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James Hubbard, Jr.

Mechanical engineer and engineering professor James Edward Hubbard, Jr. was born on December 21, 1951 in Danville, Virginia. Hubbard received his high school diploma with a concentration in engineering in 1969 from the Baltimore Polytechnic Institute. In 1971, he enlisted as an officer in the U.S. Merchant Marine and served during the Vietnam War. He attended the Calhoon MEBA Marine Engineering School and became the youngest serviceman to receive the unlimited horsepower, steam and diesel engine Marine Engineering license from the U.S. Coast Guard. Returning to the United States, Hubbard began his undergraduate studies at Morgan State College, but after receiving encouragement from teachers, family and friends, he enrolled at the Massachusetts Institute of Technology (MIT). Hubbard went on to graduate from MIT with his B.S., M.S., and Ph.D. degrees in mechanical engineering in 1977, 1979, and 1982, respectively.

Hubbard has served as a professor and a researcher both inside and outside of academia. After receiving his Ph.D. degree, Hubbard continued his work as an assistant professor of mechanical engineering at MIT until 1985, and as a lecturer until 1994. While there, he mentored both graduate- and doctorate-level students. Following his tenure with MIT, Hubbard was hired at the Boston University Photonics Center, PhotoSense, Inc. and iProvica. In 2004, Hubbard returned to academia and was named the Samuel P. Langley Distinguished Professor Aerospace Engineering at the University of Maryland. Hubbard’s research has included sensors and system concepts, optoelectronics, and photonics. His work in 1985 resulted in the production of what many consider the first example of an “adaptive structure,” or a structure that can respond to changes in its environment. He also received a patent for his work with “Smart Skin” technology, or a large-area blanket-like sensor that could be used in a number of applications. His work with the Morpheus Laboratory, Hubbard’s research group at the University of Maryland and NIA, has focused on aerodynamic engineering and has resulted in such projects as ornithopters and the Sky Walker program.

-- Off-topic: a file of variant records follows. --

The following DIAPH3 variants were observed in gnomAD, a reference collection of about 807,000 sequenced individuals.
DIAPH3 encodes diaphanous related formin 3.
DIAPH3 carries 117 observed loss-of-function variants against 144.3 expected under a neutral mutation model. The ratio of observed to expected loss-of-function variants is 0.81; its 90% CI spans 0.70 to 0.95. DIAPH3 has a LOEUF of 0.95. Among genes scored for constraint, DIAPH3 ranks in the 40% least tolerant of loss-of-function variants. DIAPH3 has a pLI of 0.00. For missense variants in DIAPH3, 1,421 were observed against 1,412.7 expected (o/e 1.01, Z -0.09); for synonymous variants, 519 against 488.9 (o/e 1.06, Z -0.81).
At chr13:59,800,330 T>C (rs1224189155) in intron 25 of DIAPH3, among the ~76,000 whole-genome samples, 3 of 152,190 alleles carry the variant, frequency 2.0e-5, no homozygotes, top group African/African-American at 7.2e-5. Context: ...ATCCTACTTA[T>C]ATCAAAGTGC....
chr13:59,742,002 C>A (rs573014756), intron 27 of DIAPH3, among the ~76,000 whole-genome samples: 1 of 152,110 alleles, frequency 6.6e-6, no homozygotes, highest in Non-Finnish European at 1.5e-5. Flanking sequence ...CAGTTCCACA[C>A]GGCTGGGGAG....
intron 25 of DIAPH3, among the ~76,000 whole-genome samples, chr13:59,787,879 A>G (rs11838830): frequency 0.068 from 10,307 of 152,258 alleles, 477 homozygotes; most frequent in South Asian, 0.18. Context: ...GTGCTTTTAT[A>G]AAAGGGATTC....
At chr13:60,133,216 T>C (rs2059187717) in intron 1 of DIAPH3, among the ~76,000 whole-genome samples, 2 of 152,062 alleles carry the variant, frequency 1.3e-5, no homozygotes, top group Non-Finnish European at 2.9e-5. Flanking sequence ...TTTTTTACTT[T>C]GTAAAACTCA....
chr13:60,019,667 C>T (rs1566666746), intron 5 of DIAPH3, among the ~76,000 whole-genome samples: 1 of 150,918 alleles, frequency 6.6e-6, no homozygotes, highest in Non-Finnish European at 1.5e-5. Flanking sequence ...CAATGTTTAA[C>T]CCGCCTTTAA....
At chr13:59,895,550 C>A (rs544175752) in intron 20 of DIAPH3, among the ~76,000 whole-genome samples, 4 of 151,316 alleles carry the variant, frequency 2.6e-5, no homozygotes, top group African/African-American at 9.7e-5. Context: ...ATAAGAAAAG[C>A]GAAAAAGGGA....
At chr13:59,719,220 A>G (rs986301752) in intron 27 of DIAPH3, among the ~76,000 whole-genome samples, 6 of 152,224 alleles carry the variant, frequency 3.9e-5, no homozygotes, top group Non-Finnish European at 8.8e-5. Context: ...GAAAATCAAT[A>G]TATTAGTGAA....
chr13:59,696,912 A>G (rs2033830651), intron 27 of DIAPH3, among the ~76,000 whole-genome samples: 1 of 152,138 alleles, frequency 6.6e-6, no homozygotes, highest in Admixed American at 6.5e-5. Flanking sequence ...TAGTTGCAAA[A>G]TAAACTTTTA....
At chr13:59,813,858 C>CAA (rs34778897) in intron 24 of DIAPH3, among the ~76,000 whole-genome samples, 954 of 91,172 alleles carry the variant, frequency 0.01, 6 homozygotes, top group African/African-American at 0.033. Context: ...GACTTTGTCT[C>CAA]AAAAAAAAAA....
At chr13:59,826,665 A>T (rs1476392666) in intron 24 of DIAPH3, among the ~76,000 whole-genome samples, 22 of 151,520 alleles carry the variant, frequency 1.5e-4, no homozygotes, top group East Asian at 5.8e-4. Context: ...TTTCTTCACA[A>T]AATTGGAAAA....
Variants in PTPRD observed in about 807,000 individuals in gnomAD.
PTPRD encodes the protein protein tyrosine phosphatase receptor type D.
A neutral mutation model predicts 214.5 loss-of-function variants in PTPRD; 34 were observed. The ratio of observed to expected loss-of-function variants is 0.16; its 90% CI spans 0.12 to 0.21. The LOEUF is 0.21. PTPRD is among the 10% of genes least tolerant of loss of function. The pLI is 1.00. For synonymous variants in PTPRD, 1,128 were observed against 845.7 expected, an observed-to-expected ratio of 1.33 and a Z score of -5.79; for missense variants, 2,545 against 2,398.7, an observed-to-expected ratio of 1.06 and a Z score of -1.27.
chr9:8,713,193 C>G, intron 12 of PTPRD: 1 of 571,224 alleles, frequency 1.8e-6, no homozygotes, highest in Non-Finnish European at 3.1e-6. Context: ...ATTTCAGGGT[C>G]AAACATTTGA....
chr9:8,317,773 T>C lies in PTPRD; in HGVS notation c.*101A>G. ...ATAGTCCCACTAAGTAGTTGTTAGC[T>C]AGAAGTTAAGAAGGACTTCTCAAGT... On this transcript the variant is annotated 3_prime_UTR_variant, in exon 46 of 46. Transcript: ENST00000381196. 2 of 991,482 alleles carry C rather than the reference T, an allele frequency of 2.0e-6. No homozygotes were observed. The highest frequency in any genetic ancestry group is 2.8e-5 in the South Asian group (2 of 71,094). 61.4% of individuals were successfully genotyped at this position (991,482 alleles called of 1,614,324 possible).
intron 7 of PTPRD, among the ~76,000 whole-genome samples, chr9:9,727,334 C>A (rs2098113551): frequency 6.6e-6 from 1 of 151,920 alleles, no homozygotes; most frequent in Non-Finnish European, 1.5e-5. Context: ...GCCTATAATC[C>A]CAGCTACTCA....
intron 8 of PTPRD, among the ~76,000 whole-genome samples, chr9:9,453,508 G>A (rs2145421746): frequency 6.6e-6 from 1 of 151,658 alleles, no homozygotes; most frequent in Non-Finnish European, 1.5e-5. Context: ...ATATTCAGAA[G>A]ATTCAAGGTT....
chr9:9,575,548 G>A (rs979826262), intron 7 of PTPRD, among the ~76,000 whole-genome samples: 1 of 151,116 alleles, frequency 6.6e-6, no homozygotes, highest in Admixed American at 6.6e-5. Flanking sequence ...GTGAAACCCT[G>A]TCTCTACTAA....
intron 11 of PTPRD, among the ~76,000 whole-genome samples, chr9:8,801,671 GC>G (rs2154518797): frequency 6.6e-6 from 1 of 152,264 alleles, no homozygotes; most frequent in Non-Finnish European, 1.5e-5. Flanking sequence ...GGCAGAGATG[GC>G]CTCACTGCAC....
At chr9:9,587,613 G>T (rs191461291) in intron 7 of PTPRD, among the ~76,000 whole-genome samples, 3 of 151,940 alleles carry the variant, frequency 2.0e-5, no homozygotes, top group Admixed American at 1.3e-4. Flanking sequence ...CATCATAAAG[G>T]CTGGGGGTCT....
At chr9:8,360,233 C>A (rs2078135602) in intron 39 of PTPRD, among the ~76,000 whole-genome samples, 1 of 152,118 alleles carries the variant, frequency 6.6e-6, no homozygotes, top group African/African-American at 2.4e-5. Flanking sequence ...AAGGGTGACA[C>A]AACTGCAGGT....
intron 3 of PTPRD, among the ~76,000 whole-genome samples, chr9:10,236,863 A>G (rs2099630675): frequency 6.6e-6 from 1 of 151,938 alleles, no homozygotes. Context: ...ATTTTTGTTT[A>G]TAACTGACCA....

Hubbard is a member of the Air Force Studies Board, the Naval Research Advisory Committee, and the Committee on Space Defense Technology. He has garnered several awards in recognition of his work in both industrial and academic settings. Hubbard was the 2009 recipient of the Smart Structures Product Innovation Award from the International Society for Optical Engineering. In 2002, Hubbard received the Black Engineer of the Year President’s Award from U.S. Black Engineer & Information Technology magazine.

Hubbard and his wife, Adrienne Hubbard, have three adult sons: James, Drew, and Jordan.

James Edward Hubbard, Jr. was interviewed by The HistoryMakers on May 19, 2013.

Accession Number

A2013.090

Sex

Male

Interview Date

5/19/2013

Last Name

Hubbard

Marital Status

Married

Middle Name

E

Schools

Baltimore Polytechnic Institute

Calhoon M.E.B.A. Engineering School

Morgan State University

Massachusetts Institute of Technology

Search Occupation Category
First Name

James

Birth City, State, Country

Danville

HM ID

HUB01

Favorite Season